Most rail passengers travel through tunnels every day and think nothing about them. Travelling from south Wales to London, for instance, trains pass through the longest tunnel in Britain: 7km of Victorian brickwork that is mainly unseen today, but is the result of the truest engineering skills beneath the River Severn.
Mainly built between 1830 and 1900, there are 628 operational tunnels in Britain covering 335km.
There are also, it is thought, more than 200 disused railway tunnels.
The engineering of these Victorian tunnels remains much of mystery even to the railway companies that own them. With no plans or paperwork, those responsible for safety and maintenance of the tunnels are, like their passengers, in the dark.
The only remaining details of early tunnel construction found to date have been from the construction of Colwell New Tunnel near Malvern, which was built around 1925.
Fortunately, the methods of construction used all those years ago have left a legacy, rather like a fingerprint, allowing engineers to chart the tunnels' construction and make strides in improving maintenance.
An early Victorian tunnelling technique was the use of 'breakups' - excavations upwards to the heading to form the final tunnel excavation. This method may have been a result of an accident at Watford Tunnel.
The line of the tunnel had been established and shafts were being sunk in brickwork to the top of the tunnel level. They were then carried on down in timber to the tunnel base and even a little bit further to form a sump to collect groundwater.
From the base of the shafts small timber headings 1.5m high by 1m wide were driven between the shafts to ensure that both line and level were correct. Candle-pots lit in each shaft bottom revealed any discrepancies in line and level.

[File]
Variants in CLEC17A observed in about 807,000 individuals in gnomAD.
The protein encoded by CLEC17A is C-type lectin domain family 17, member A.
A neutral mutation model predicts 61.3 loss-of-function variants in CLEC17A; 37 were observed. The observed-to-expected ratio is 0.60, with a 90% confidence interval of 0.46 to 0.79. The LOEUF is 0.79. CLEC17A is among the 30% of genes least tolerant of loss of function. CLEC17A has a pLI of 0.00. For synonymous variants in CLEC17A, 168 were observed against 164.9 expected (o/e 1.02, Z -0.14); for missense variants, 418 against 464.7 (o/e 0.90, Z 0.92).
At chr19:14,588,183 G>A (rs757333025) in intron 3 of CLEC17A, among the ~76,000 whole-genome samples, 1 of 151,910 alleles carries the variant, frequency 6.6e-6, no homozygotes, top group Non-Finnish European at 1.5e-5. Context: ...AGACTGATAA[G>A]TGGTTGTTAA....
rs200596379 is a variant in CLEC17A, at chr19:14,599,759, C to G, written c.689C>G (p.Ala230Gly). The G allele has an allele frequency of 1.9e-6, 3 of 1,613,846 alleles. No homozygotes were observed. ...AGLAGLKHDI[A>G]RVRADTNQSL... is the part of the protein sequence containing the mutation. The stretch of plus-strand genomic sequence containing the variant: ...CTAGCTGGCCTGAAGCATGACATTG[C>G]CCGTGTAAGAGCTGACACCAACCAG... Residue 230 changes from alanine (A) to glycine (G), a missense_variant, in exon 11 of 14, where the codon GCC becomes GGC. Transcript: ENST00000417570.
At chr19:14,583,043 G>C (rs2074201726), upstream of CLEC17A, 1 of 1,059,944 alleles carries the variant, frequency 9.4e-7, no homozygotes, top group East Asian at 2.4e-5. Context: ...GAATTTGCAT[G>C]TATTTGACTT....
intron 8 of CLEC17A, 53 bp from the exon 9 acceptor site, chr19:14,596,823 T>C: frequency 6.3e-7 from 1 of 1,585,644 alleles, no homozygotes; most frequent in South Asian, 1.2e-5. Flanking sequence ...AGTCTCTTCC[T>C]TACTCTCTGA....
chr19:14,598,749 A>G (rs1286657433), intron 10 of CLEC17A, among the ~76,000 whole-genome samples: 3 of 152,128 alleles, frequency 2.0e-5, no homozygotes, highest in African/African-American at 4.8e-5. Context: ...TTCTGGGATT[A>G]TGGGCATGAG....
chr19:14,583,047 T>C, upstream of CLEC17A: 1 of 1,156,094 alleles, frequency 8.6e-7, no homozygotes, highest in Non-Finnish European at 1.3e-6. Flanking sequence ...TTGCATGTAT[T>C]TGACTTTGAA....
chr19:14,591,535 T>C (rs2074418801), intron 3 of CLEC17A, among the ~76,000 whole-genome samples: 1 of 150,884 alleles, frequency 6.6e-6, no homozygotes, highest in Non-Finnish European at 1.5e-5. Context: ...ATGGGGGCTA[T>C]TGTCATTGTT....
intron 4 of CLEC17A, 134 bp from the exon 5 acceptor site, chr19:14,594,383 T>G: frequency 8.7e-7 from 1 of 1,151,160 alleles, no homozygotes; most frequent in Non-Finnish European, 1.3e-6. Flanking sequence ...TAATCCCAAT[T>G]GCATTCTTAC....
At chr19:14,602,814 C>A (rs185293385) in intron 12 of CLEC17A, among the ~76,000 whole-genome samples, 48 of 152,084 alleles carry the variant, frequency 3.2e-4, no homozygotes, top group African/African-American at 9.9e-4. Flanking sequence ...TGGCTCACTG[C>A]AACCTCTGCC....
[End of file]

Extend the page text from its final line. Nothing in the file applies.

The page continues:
Once the headings were through the tunnel could be started by excavating from the sides of each shaft in an excavated and supported advance of about 4.5m to form 'side lengths'. These were built in extra thickness brickwork, strong enough to support the weight of the shaft above.
In Watford Tunnel, however, the side lengths were under construction when a collapse occurred and both tunnel and shaft were lost, together with lives of several men.
It was decided that a more expedient way to proceed was to sink the shaft and the headings in the normal way but then to start the tunnel some distance away (up to 45m) from the shaft by forming a 'break-up' from the heading and in this excavated and timbered gap, build a section of full-sized tunnel.
This section of tunnel may have only been 3m wide, but had to be solid and very strong as the construction of the next sections of tunnel depended on it being able to support the roof, not only from one end but from the other, as it was realised that a second gang could now work towards the next shaft while the rst gang began to work back to the original shaft, knowing that there was now a section of tunnel completed behind for safety if anything happened at the shaft.
Break-ups soon became the norm because two or three breakups between shafts could increase production signi antly with new gangs introduced immediately to boost progress and improve the chances of the railway making money at an earlier stage than had been planned.
The tunnelling of Chipping Sodbury is known to have had 40 gangs working from only seven shafts. This could not have been achieved without the use of breakups between the shafts.
Tunnelling advances or lengths between break-ups were normally set at about 4.5m, governed by the length and thickness of the timbers put in to support the roof and the ability of the miners to carry this enormous weight of timber forward as they excavated the next length.
If bad ground was encountered or if water softened the roof, the main support timbers, which were spanning from the last length of completed tunnel brickwork on to supporting timbers in the excavated face, started to take weight from the ground above and might well have bowed or sagged under the load.
Sometimes, despite making an allowance for the sag in the timbers, there was too much bow or weight on the timbers and the brickwork could not be placed to the correct thickness in the roof. This caused problems as the timbers had to be reset, wasting time and effort.
Generally the foreman bricklayer or carpenter paid all the men on piecework (so much per yard) and it was in no one's interest to be delayed by having to reset timbers because of bad ground.